Breadgirl, hope you are doing ok. I hope they do what is right by you at work. Do you have a lawyer? I didn' t do a FCE and went back to work. I am getting a second opinion Oct. 6 and it is with my ortho. I have been having lower back problems also and they have a physical therapy dept also. Well, we will have to see. What did they have you do during the FCE? I would like to know.

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on 09/08/2011 12:32pm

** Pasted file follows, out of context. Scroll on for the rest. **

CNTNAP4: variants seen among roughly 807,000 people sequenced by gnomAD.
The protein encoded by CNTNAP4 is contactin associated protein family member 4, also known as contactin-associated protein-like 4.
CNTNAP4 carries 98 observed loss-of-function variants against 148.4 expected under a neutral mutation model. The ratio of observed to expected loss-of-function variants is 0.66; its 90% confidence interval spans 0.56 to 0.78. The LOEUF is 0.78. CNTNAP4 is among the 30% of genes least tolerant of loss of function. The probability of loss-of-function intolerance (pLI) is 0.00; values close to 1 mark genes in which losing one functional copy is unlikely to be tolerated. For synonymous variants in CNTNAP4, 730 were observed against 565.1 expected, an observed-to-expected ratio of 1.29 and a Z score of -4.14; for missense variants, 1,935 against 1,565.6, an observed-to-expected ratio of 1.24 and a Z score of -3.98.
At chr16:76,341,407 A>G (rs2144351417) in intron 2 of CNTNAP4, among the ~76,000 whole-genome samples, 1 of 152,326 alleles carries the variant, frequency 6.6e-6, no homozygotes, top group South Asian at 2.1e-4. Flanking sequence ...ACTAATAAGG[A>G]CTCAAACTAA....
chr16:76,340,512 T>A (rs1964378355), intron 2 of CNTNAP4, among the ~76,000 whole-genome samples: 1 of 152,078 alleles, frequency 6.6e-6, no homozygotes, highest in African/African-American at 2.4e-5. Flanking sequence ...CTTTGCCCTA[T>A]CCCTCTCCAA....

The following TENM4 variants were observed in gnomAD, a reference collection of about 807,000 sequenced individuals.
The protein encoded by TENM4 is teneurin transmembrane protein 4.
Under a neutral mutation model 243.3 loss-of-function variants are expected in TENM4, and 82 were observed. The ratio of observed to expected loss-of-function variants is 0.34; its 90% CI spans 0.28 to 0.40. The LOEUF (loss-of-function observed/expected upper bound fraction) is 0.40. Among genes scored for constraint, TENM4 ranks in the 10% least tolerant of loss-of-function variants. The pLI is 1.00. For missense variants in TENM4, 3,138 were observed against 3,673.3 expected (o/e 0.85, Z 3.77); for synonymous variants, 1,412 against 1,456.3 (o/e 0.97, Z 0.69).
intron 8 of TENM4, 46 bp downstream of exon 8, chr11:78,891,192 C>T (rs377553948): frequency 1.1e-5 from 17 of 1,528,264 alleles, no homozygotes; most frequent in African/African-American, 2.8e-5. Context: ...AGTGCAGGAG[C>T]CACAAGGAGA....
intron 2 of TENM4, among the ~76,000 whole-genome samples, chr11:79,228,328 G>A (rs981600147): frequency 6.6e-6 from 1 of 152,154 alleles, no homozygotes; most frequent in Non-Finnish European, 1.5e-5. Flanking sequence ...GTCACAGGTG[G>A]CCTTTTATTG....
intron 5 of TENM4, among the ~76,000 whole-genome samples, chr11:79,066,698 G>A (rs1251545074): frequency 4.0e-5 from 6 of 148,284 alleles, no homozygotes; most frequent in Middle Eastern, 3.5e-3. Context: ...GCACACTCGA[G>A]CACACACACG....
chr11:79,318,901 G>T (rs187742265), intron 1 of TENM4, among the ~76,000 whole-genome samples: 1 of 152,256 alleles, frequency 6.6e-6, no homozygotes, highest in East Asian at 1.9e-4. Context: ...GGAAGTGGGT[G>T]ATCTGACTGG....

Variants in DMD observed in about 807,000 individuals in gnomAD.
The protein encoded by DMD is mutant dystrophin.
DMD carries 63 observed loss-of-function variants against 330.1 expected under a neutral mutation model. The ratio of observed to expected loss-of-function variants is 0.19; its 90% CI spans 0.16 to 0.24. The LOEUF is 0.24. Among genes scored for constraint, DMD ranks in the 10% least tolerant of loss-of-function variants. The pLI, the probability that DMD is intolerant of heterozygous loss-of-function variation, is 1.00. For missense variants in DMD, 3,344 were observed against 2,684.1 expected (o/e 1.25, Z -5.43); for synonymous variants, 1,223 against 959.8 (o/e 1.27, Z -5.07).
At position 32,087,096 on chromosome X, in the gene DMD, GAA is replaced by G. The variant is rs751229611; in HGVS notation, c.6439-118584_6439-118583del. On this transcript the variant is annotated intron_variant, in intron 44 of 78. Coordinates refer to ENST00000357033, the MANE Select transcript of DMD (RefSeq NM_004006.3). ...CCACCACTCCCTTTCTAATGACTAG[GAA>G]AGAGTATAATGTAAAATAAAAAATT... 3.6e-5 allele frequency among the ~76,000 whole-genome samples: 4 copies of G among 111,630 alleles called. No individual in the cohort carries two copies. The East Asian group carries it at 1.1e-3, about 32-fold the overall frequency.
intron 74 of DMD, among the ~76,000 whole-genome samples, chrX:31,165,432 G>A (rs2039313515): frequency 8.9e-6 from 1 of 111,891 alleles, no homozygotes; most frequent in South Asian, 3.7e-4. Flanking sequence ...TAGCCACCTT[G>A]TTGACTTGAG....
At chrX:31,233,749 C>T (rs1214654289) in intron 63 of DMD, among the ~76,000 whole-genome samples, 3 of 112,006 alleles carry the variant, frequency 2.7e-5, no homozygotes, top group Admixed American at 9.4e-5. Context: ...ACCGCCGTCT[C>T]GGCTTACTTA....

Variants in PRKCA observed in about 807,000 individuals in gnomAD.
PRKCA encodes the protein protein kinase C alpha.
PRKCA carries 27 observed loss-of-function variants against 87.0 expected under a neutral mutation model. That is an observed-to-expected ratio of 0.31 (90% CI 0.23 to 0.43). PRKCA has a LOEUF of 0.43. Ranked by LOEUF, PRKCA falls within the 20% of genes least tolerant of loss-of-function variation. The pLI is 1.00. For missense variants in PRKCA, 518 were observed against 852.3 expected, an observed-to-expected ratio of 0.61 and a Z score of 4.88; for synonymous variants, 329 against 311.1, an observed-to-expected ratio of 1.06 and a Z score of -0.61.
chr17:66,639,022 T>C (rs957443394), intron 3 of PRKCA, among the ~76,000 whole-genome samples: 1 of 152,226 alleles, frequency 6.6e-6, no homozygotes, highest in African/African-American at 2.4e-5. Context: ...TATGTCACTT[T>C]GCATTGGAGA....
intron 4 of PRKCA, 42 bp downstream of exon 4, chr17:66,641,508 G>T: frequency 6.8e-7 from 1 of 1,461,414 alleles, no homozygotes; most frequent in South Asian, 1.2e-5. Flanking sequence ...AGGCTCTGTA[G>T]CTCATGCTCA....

Zippie, Yes I got an attorney the moment I became injured. For my the FCE was a bit rough. They had me doing some hand manipulation(hand eye cordination) the easier part of the test. I also had to carry a metal box around, put it on a shelf high and low shelfs. They also put weights in it and the most I could tolerate was 5lbs. Still recovering from my surgery, just coming along slowly. I am going to be doing work conditioning to see if they can build me up to beable to come back to work. My PT says it could take 6-8wks. They are going to see how I'm doing after 3wks. I just have to see how things go. Good Luck to you. Have you had a MRI run yet? If you end up having surgery, make sure you have a consultation from a surgeon who only does spine surgery.